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Virgin Media broadband outage affects thousands

Virgin Media broadband users across the UK are reporting being unable to access the internet due to a nationwide outage.

The problems started just before 5pm BST, according to data from website Downdetector, which monitors online outages.

Over three quarters of those affected are reporting having problems with their wired internet connection.

Birmingham, Nottingham, Glasgow, London, Manchester, Bristol, Southampton, Eastleigh and Liverpool were among the locations with the highest rate of reports.

Problems were reported in towns and cities across the UK including Birmingham, Nottingham, Glasgow, London, Manchester, Bristol, Southampton, Eastleigh and Liverpool

Problems were reported in towns and cities across the UK including Birmingham, Nottingham, Glasgow, London, Manchester, Bristol, Southampton, Eastleigh and Liverpool

Problems were reported in towns and cities across the UK including Birmingham, Nottingham, Glasgow, London, Manchester, Bristol, Southampton, Eastleigh and Liverpool

Virgin Media is investigating the cause of a broadband issue that left homes without internet

Virgin Media is investigating the cause of a broadband issue that left homes without internet

Virgin Media is investigating the cause of a broadband issue that left homes without internet

A spokesman for Virgin Media said: ‘We’re currently investigating an intermittent broadband issue that lasted for a very short period of time earlier this evening. 

‘While services are currently back up and running, our teams are looking into the problem and will work flat out to fix it. We apologise for any inconvenience caused.’

Customers took to social media to vent their frustration at a time when reliable home internet networks are proving crucial.  

@valinor__ tweeted: ‘When I die, you lot better get Virgin Media Wifi to sponsor my funeral so they can let me down one last f****** time.’

@VijayArogyasami wrote: ‘Second time in a month my Virgin Media service has gone down. This time it was only half a hour. Last time, it went down at 8pm in the evening and wasn’t back on until 11am the next day.’   

The outage appears to have lasted for less than an hour, with some Twitter users reporting a short-term issue.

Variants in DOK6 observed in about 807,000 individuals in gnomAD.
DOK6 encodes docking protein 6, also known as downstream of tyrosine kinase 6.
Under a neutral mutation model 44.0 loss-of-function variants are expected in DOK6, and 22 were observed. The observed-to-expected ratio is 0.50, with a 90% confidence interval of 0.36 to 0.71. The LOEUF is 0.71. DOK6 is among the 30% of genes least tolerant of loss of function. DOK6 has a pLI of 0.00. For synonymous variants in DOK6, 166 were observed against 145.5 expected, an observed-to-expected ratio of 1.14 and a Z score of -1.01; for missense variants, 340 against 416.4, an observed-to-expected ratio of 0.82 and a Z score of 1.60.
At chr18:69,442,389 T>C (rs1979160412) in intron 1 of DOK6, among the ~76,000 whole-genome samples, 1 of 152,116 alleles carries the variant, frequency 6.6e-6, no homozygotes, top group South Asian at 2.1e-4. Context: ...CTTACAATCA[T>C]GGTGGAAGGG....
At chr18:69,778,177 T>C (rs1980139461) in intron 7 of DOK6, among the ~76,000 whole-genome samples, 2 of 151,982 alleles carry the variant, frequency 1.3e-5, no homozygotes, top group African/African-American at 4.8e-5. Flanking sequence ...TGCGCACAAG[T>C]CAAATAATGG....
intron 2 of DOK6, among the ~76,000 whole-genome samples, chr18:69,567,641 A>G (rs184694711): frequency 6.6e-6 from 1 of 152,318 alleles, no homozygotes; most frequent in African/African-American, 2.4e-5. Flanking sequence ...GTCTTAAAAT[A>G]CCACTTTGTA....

The number of reported cases shot up to almost 20,000 at around 17.30 BST on Monday, 27 April

The number of reported cases shot up to almost 20,000 at around 17.30 BST on Monday, 27 April

The number of reported cases shot up to almost 20,000 at around 17.30 BST on Monday, 27 April

‘Who tripped over the plug that goes to the UK at Virgin Media? Entire country down for like 7 minutes and then straight back up,’ tweeted @blakeinghearts. 

Another said: ‘Mine went off for about 15 odd minutes then came back on. I hope this has resolved for everyone else? Tbf Virgin Media have been quite good, for us at least.’ 

Other users were cut off from virtual meetings or forced to stop teaching mid-lesson when their internet stopped working. 

One said: ‘So @virginmedia went down temporarily during a zoom meeting and suddenly the precariousness of my online existence became all too clear. 

Some Twitter users reported that the outage lasted for a few minutes before they were reconnected

Other users were cut off from virtual meetings and were forced to stop teaching mid-lesson when their internet stopped working

Other users were cut off from virtual meetings and were forced to stop teaching mid-lesson when their internet stopped working

Other users were cut off from virtual meetings and were forced to stop teaching mid-lesson when their internet stopped working

‘I know we’re all moaning but without it I would not have seen another human I know for 6 weeks.’

Another wrote: ‘Looks like I can blame @virginmedia for my @zoom_us lesson cutting out this afternoon. 

‘Looking at their tweets they are aware there is an issue and are working hard to resolve it. That’s good then – let’s hope I can teach online tomorrow okay! #teachingfromhome’

Lots of users joked business magnate Richard Branson may be withholding internet to encourage the Government to grant his airline a £500 million loan. 

 

Lots of users joked Richard Branson may be withholding internet to encourage the Government to grant his airline a £500 million loan

Lots of users joked Richard Branson may be withholding internet to encourage the Government to grant his airline a £500 million loan

Lots of users joked Richard Branson may be withholding internet to encourage the Government to grant his airline a £500 million loan

Branson, 69, is battling to save Virgin Atlantic by begging the British Government for a loan —and offering to mortgage Necker Island, his private Caribbean retreat believed to be worth £80 million.

The business mogul pledged to ‘raise as much money against the island as possible to save as many jobs as possible’ in an attempt to persuade the authorities to help Virgin through ‘the devastating impact this pandemic continues to have’.